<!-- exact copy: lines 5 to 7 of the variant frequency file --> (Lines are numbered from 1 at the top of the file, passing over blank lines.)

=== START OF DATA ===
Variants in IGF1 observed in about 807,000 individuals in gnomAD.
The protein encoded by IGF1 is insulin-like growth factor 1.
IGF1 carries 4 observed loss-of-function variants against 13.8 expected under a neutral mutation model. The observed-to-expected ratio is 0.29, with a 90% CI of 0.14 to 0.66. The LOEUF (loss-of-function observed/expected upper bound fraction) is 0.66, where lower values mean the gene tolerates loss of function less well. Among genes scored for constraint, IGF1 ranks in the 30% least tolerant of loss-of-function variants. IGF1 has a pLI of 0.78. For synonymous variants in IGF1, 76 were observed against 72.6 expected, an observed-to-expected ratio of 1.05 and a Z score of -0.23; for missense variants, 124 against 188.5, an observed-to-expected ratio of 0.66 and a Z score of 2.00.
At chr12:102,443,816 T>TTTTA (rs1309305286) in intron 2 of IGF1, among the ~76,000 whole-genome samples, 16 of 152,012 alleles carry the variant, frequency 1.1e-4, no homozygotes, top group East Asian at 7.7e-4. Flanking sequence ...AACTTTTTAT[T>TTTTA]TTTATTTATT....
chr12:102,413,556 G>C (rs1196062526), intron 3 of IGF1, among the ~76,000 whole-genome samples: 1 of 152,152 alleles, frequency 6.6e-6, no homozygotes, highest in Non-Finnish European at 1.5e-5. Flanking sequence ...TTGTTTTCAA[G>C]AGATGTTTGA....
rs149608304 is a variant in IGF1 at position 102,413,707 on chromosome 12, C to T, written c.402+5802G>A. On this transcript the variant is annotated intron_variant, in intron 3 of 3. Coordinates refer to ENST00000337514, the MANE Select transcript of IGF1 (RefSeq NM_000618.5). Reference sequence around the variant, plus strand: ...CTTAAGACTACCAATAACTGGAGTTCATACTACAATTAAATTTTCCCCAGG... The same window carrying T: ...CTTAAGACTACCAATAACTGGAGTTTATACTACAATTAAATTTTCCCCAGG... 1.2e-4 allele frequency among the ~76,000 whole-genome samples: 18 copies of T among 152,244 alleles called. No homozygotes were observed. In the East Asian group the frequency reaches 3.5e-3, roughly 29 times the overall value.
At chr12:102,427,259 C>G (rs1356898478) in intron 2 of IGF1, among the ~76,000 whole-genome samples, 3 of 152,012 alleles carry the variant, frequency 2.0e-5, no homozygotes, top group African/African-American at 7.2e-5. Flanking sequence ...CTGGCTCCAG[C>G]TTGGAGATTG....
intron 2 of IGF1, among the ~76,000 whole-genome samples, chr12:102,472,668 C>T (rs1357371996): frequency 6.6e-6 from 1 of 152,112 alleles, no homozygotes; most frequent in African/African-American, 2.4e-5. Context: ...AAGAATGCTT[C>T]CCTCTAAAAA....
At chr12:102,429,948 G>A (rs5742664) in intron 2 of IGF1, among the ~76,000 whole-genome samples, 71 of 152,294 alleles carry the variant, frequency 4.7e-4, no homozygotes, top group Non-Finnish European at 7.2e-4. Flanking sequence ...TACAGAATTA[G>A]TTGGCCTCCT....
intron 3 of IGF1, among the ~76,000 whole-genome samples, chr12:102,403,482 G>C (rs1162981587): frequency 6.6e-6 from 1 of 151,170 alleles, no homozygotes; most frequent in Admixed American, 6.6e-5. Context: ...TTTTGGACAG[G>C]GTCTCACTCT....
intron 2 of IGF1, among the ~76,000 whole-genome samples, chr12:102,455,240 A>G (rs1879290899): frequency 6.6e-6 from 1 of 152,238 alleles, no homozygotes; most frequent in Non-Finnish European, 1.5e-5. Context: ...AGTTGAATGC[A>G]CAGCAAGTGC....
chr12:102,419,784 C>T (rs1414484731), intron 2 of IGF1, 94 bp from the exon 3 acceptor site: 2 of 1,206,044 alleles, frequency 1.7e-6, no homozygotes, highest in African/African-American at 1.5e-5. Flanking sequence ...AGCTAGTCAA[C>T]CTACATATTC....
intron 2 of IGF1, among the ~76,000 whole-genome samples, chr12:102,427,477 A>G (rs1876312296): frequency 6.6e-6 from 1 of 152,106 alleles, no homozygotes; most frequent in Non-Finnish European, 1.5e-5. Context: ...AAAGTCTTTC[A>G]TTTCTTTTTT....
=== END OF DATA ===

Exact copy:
chr12:102,413,556 G>C (rs1196062526), intron 3 of IGF1, among the ~76,000 whole-genome samples: 1 of 152,152 alleles, frequency 6.6e-6, no homozygotes, highest in Non-Finnish European at 1.5e-5. Flanking sequence ...TTGTTTTCAA[G>C]AGATGTTTGA....
rs149608304 is a variant in IGF1 at position 102,413,707 on chromosome 12, C to T, written c.402+5802G>A. On this transcript the variant is annotated intron_variant, in intron 3 of 3. Coordinates refer to ENST00000337514, the MANE Select transcript of IGF1 (RefSeq NM_000618.5). Reference sequence around the variant, plus strand: ...CTTAAGACTACCAATAACTGGAGTTCATACTACAATTAAATTTTCCCCAGG... The same window carrying T: ...CTTAAGACTACCAATAACTGGAGTTTATACTACAATTAAATTTTCCCCAGG... 1.2e-4 allele frequency among the ~76,000 whole-genome samples: 18 copies of T among 152,244 alleles called. No homozygotes were observed. In the East Asian group the frequency reaches 3.5e-3, roughly 29 times the overall value.
At chr12:102,427,259 C>G (rs1356898478) in intron 2 of IGF1, among the ~76,000 whole-genome samples, 3 of 152,012 alleles carry the variant, frequency 2.0e-5, no homozygotes, top group African/African-American at 7.2e-5. Flanking sequence ...CTGGCTCCAG[C>G]TTGGAGATTG....